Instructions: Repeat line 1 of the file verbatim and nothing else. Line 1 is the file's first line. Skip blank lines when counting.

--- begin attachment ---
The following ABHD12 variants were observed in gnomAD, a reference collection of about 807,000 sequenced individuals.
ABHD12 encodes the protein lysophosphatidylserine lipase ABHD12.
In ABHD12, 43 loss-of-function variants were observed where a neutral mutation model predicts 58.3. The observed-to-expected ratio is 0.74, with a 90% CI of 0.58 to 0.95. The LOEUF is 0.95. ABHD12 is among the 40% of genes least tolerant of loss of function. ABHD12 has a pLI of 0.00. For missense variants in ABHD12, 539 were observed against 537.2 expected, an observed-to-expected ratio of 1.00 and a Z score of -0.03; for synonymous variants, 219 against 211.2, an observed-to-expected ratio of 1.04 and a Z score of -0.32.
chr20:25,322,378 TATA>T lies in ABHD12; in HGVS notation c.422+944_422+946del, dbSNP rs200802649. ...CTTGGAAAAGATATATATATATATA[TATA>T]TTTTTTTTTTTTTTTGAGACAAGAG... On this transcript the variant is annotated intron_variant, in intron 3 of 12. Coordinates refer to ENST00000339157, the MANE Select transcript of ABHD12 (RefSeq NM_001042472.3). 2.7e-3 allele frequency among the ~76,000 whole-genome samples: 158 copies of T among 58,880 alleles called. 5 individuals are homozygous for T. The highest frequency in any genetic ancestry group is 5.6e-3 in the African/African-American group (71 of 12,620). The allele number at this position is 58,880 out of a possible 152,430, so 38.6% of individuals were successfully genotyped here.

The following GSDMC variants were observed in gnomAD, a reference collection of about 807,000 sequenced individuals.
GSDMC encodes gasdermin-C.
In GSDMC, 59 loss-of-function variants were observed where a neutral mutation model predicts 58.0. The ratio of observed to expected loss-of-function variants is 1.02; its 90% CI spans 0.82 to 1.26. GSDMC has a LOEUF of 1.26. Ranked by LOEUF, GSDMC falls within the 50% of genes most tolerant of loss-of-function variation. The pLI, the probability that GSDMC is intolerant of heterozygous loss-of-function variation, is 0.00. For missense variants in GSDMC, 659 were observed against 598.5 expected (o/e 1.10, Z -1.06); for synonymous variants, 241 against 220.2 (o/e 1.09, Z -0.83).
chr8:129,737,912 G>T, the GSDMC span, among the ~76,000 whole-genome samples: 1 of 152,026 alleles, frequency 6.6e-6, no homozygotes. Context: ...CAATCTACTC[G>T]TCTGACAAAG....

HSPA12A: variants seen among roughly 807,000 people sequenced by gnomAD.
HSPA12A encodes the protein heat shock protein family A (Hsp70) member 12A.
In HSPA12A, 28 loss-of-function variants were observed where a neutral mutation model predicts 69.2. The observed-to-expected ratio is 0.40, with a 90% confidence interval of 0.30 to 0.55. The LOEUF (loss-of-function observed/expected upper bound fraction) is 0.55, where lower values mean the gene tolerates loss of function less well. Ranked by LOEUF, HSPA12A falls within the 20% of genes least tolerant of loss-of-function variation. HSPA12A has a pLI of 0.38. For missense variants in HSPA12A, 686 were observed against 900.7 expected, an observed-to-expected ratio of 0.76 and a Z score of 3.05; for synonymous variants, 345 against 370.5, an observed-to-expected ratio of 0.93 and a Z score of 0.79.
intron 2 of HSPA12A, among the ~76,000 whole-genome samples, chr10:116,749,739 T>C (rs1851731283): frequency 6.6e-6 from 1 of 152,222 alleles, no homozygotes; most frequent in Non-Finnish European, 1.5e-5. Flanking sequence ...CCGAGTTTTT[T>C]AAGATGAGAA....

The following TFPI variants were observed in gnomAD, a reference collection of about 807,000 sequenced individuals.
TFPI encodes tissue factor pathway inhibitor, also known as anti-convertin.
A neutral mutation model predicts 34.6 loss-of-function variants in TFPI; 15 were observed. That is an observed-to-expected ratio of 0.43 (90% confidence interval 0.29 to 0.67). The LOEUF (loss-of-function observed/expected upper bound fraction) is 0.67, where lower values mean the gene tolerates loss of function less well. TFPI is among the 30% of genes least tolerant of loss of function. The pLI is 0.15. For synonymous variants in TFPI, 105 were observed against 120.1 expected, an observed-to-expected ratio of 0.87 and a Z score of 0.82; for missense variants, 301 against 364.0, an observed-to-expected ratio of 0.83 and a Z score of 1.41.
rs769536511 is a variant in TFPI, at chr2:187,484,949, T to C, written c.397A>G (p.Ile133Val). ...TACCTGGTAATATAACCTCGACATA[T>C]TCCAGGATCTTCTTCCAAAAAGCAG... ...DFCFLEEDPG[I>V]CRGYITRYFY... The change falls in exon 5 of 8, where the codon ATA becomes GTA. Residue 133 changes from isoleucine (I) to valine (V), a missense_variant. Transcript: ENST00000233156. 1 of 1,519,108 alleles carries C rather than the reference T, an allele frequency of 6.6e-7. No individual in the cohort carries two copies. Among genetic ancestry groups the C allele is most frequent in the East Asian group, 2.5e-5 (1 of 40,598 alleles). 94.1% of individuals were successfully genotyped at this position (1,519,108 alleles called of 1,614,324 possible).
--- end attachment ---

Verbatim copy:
The following ABHD12 variants were observed in gnomAD, a reference collection of about 807,000 sequenced individuals.